The Fortyninth Yearbook of the National Society for the Study of Education

The Fortyninth Yearbook of the National Society for the Study of Education

The Fortyninth Yearbook of the National Society for the Study of Education

The Fortyninth Yearbook of the National Society for the Study of Education

Excerpt

The purpose of this yearbook is to focus the relevant data and concepts from the psychology of learning upon the problems of instruction in the elementary and secondary schools. The achievement of this purpose involves four steps: first, stating how learning proceeds as a general psychological process and how children are motivated to learn; second, describing how respective aspects or categories of behavior, such as motor skills or attitudes, are learned; third, pointing out the implications for instruction of accumulated knowledge from the field of learning; and fourth, redefining instruction in terms of the school as a laboratory for learning.

This yearbook will, it is hoped, symbolize the shift in thinking concerning educational method during the last thirty-five years which is reflected in a change of emphasis from "techniques of presenting content" to "directing the learning of the child."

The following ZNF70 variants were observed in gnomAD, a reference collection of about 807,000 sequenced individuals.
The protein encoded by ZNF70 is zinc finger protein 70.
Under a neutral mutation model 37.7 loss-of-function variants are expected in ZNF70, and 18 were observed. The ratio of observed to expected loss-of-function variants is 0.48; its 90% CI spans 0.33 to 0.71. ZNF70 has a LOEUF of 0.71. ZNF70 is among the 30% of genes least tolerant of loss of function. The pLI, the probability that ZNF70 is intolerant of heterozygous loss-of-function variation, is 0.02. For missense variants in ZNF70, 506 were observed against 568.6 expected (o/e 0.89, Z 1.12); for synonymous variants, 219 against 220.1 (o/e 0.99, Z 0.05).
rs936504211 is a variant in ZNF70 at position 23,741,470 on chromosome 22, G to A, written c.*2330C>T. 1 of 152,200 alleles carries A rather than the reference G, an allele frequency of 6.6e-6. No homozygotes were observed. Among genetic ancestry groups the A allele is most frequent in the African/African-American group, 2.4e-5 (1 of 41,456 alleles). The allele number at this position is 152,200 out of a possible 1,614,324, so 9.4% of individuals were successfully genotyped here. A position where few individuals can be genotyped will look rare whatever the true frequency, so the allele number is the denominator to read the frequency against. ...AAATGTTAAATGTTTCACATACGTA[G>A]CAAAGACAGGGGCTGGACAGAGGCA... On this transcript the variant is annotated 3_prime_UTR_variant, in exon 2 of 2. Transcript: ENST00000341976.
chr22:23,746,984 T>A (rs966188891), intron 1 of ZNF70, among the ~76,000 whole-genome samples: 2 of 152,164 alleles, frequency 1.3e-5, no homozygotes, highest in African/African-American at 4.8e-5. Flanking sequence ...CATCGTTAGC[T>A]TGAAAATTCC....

The problem and contribution of the yearbook must be seen in the perspective of the entire problem of education. Perhaps the fundamental development in educational theory of the last fifty years has been the approach through a statement of principles of education. Students of education are attempting to set down the basic principles in the various fields--administration, curriculum, instruction, student personnel work, evaluation, and so on--from which sound practices can be derived and against which they can, in turn, be evaluated. These students of educational theory are evolving such principles in part from a systematic philosophy of education and in part from data that are being accumulated through research on both instructional procedures and the nature of children--how they grow, develop, and learn, and how they differ from one another. The philosophy is in large measure a social one, formulated in the frame of a democratic . . .

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